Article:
However, if you want to roll the chair while sitting on it, you will have to disengage the brake system manually. The process for doing so will be mentioned in the manufacturer’s instructions.
Another type of brake caster allows you to control the braking system with simple foot movements, so you don’t have to get up while moving your office chair. But be careful not to move your feet too much, as you may accidentally tamper with the brakes.
3. Get Wheel Straps
If you think removing and installing new wheels isn’t your cup of tea, I have an easier yet effective method for you that will get the job done. Just buy a few simple straps meant for office chairs and attach one end of the straps to a fixed point near your office chair. You can use furniture legs (like that of a table or desk in the vicinity) for the purpose.
Hook the other end of the straps around the wheels, and you’re all done! While this technique may not work as effectively as a brake caster or stopper, it can keep your chair stable, as the rolling will be limited to the perimeter of the straps.
If office chairs with braking casters seem too much of a spend for you, you can opt for a chair with wheel straps to keep it stable.
3. Place An Area Rug
A furry area rug can enhance the look of your space as well as effectively eliminate the problem of a rolling chair. It will create friction with the wheels and make for a rough surface to prevent the wheels from moving, keeping the chair steady.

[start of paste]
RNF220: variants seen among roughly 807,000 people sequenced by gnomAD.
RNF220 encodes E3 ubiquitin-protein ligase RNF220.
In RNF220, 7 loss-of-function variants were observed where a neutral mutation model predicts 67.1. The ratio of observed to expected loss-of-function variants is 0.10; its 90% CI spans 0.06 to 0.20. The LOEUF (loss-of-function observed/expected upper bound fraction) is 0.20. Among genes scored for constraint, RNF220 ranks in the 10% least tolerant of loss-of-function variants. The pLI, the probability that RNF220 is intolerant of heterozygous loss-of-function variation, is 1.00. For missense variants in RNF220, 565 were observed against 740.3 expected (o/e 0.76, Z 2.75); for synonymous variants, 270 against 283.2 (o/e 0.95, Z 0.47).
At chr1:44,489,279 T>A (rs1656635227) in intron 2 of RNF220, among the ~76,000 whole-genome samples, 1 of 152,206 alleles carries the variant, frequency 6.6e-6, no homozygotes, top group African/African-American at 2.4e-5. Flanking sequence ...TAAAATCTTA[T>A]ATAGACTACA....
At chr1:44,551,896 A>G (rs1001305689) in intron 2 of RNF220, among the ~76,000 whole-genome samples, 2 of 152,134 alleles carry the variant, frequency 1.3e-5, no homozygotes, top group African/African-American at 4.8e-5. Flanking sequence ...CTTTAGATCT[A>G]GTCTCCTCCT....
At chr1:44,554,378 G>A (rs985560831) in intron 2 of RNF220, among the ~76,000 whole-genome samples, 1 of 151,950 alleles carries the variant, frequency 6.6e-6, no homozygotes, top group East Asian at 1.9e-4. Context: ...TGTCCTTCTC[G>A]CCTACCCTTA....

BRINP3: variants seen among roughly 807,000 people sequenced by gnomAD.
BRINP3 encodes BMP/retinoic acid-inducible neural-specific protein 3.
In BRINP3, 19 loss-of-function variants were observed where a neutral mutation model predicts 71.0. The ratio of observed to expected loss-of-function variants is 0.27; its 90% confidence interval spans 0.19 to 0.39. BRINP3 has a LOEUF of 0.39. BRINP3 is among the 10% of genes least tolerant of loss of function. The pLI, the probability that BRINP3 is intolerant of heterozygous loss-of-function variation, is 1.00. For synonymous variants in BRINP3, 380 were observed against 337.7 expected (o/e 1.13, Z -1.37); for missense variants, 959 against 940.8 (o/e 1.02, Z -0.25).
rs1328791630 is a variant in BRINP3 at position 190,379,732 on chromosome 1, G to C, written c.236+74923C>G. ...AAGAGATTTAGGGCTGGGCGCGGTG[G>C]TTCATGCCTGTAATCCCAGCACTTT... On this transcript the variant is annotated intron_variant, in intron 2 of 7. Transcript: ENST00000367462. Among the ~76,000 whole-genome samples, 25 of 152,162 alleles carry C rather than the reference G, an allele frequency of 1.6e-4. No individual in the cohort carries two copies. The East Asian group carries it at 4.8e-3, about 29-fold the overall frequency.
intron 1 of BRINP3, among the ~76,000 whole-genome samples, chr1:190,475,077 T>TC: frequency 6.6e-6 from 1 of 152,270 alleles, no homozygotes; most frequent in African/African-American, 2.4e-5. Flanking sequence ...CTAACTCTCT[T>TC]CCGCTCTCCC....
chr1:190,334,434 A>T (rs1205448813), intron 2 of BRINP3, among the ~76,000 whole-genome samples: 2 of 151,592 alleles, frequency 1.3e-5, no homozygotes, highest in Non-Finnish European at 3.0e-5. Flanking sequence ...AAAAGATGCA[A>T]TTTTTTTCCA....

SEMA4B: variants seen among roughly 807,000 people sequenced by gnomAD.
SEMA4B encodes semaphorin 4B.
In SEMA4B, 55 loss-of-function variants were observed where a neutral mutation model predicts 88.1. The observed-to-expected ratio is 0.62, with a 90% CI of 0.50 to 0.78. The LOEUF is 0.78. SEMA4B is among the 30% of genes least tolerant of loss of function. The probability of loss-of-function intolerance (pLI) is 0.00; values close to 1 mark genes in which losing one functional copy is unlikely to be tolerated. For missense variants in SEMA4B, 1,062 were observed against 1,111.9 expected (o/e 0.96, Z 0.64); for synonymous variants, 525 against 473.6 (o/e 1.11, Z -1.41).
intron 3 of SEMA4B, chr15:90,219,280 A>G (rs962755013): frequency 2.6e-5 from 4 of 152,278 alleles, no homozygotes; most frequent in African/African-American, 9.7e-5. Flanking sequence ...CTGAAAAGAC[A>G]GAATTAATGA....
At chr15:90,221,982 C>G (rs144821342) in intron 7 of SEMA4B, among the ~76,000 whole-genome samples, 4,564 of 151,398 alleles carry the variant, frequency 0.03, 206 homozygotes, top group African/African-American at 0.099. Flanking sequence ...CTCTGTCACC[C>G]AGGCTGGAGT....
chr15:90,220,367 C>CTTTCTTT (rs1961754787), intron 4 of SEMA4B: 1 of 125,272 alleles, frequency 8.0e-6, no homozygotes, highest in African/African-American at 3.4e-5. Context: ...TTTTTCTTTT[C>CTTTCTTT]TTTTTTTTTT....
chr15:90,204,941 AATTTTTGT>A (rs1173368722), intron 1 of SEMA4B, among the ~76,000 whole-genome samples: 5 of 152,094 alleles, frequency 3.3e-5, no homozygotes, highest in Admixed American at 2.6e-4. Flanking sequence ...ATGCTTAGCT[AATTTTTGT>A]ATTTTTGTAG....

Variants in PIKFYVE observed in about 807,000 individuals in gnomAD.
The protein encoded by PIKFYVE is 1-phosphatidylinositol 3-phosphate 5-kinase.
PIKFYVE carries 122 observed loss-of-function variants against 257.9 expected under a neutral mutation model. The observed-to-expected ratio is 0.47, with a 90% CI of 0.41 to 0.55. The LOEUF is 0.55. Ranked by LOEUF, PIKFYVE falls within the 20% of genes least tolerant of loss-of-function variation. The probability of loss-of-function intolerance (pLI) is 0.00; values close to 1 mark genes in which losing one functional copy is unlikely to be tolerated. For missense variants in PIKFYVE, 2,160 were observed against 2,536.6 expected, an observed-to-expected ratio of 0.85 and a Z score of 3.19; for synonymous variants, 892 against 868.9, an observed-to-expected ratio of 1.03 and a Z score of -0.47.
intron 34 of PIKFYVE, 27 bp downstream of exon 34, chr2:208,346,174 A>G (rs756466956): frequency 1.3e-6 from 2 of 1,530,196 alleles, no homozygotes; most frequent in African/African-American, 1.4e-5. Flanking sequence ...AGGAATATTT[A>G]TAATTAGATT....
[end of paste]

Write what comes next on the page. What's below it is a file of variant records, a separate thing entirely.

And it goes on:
The best part is you can get one in any shape and size as long as it comfortably “contains” all the wheels. I’d recommend going for a thicker rug, though, as the thicker the rug, the better it will work to stop the wheels from moving.
However, the surface of the rug will depend on your floor type. For instance, if your floor is slanted or sloped, I’d recommend going for a rug that has longer fiber strands. These will surround the wheels from all sides and prevent them from sliding.
Similarly, you should choose a rug with rubber padding for a slippery floor so that it won’t move around and block the movement of the chair wheels.
At this point, some of you may be wondering if you should use an area rug for a carpeted floor. The answer would be yes, as carpeted floors usually have a smooth surface that can help the wheels glide.
4. Use Leftover Foam Material
Do you have some leftover foam? Then don’t throw it out, as it can serve as the perfect solution for stopping your office chair from rolling around. Yes, many people have found success using simple shaped blocks of foam to stop their office chairs from rolling randomly.